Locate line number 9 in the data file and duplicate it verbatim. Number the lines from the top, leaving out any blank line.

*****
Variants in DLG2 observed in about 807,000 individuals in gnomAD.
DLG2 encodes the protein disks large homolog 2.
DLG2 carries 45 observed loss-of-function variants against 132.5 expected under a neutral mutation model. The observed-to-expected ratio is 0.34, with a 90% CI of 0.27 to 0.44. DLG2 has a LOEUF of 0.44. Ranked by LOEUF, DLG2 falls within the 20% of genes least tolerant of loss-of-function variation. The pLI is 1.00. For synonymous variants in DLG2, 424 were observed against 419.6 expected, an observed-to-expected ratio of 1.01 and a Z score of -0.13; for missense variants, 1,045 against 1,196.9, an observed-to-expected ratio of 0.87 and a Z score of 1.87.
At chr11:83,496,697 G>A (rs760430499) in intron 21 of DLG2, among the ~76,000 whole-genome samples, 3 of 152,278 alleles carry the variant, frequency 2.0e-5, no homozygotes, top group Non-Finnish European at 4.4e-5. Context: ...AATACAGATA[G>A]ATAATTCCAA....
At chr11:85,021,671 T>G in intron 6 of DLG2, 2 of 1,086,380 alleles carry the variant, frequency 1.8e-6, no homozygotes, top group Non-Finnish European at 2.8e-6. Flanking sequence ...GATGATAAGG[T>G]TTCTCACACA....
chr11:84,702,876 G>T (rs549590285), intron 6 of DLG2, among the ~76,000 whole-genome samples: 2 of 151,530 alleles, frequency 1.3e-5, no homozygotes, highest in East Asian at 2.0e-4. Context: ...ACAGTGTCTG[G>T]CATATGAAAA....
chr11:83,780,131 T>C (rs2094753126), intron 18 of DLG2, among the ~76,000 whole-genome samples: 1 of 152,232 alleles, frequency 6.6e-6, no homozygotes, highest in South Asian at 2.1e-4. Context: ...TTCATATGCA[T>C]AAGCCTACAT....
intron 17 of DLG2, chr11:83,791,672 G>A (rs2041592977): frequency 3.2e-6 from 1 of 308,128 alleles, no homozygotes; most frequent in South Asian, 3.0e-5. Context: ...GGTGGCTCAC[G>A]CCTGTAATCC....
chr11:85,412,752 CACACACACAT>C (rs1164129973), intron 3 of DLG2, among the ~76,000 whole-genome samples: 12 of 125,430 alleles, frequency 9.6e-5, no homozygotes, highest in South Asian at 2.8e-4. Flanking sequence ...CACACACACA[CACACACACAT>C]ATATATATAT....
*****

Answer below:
chr11:85,412,752 CACACACACAT>C (rs1164129973), intron 3 of DLG2, among the ~76,000 whole-genome samples: 12 of 125,430 alleles, frequency 9.6e-5, no homozygotes, highest in South Asian at 2.8e-4. Flanking sequence ...CACACACACA[CACACACACAT>C]ATATATATAT....